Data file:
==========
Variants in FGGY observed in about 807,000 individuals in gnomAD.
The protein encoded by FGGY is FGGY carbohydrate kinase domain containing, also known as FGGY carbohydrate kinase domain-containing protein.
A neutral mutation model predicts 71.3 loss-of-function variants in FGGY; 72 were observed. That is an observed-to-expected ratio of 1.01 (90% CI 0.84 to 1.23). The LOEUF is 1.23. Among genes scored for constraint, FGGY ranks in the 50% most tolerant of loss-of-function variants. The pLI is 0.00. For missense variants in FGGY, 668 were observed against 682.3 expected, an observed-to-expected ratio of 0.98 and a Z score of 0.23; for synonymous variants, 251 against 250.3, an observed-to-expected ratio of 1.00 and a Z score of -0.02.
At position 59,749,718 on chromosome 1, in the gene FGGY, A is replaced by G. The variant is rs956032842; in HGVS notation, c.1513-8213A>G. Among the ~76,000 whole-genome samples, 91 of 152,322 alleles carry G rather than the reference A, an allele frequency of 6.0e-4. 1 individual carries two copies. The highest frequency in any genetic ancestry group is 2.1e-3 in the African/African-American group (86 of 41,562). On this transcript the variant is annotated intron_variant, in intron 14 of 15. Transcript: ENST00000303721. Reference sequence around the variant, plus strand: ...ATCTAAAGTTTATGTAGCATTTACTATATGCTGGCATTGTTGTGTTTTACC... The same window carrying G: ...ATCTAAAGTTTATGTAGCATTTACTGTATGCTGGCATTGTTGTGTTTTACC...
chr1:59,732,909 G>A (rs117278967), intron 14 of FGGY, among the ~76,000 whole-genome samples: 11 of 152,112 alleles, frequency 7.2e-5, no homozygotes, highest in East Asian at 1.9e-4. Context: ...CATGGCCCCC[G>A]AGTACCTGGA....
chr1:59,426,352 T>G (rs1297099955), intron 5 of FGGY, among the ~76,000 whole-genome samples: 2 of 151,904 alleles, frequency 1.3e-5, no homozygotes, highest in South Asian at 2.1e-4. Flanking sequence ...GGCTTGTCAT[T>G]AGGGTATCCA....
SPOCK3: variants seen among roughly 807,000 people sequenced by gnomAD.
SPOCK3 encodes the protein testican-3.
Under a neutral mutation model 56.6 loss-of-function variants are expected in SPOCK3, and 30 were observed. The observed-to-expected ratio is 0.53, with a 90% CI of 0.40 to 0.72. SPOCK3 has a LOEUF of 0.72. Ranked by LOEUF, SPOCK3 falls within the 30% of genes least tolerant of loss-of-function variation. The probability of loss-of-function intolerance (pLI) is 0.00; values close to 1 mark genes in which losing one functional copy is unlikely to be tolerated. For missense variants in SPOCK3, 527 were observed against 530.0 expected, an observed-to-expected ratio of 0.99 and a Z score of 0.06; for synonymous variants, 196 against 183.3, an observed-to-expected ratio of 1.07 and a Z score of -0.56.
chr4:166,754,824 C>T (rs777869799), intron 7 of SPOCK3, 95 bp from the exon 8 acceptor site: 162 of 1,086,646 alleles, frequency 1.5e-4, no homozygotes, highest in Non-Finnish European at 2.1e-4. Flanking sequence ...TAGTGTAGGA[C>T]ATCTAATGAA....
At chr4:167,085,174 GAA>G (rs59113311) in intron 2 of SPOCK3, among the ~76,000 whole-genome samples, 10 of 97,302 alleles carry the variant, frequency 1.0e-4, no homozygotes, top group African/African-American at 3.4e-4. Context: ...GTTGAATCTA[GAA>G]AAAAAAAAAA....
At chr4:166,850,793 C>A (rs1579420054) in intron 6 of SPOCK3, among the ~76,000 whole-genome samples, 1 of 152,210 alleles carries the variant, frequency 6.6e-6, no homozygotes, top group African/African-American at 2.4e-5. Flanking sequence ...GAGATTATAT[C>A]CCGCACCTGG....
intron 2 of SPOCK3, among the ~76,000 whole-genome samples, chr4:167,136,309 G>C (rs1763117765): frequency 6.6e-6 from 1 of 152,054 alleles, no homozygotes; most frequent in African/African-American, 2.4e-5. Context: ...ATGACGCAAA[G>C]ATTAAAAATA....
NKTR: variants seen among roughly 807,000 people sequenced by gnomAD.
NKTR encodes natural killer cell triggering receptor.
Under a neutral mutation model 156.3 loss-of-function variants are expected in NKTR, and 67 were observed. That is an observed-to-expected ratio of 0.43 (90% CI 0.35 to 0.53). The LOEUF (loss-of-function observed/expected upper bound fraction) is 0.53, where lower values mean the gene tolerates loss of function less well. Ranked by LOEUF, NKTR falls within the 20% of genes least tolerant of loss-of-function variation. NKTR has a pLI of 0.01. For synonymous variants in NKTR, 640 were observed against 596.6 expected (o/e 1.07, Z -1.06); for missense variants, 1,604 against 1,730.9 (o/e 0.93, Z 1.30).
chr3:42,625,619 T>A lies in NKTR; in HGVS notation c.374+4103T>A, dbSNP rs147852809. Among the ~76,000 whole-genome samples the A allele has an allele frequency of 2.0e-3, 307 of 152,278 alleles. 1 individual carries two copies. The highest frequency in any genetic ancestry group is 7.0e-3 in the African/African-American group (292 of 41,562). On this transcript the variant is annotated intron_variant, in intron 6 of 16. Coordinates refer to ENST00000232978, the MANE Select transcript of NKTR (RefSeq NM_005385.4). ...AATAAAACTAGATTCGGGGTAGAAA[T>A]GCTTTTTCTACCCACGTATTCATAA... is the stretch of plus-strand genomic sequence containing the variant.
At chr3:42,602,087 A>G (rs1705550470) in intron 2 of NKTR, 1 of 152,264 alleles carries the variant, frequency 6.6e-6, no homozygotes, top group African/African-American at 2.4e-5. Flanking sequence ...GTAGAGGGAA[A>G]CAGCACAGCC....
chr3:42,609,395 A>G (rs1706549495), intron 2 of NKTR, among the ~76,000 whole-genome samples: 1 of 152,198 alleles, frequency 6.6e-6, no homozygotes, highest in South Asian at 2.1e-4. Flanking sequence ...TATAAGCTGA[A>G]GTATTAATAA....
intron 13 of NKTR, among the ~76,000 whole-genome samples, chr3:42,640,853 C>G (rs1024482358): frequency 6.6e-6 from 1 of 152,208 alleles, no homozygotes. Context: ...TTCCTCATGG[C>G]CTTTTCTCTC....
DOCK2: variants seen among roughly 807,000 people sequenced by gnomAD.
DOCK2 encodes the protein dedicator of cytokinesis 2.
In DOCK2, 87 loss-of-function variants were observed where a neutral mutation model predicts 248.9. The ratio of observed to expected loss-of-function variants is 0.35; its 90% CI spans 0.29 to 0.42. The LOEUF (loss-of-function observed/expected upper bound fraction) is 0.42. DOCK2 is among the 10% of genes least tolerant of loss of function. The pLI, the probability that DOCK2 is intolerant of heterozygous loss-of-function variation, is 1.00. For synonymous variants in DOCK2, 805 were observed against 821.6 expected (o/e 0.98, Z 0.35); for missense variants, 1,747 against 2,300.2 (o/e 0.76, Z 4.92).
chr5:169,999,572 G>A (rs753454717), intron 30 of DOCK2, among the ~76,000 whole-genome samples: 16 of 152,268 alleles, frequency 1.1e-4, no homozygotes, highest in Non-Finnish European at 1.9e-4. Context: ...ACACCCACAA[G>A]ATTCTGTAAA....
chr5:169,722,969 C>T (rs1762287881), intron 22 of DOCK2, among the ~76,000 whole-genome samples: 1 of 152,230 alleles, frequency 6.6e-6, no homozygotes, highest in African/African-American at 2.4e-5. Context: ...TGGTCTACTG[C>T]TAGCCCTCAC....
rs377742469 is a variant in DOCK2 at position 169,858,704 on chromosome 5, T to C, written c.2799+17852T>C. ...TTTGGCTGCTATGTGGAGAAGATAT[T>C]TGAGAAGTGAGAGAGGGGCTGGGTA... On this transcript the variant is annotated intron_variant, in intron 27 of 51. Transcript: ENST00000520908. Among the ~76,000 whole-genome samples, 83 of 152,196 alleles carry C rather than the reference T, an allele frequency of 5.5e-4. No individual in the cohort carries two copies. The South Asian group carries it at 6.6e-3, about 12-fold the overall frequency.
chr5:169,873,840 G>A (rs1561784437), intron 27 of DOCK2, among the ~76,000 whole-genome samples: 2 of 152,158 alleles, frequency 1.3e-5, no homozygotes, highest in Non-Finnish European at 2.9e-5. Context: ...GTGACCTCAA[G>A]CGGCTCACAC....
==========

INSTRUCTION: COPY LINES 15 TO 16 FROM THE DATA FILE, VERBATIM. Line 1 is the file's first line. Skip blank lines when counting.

NKTR encodes natural killer cell triggering receptor.
Under a neutral mutation model 156.3 loss-of-function variants are expected in NKTR, and 67 were observed. That is an observed-to-expected ratio of 0.43 (90% CI 0.35 to 0.53). The LOEUF (loss-of-function observed/expected upper bound fraction) is 0.53, where lower values mean the gene tolerates loss of function less well. Ranked by LOEUF, NKTR falls within the 20% of genes least tolerant of loss-of-function variation. NKTR has a pLI of 0.01. For synonymous variants in NKTR, 640 were observed against 596.6 expected (o/e 1.07, Z -1.06); for missense variants, 1,604 against 1,730.9 (o/e 0.93, Z 1.30).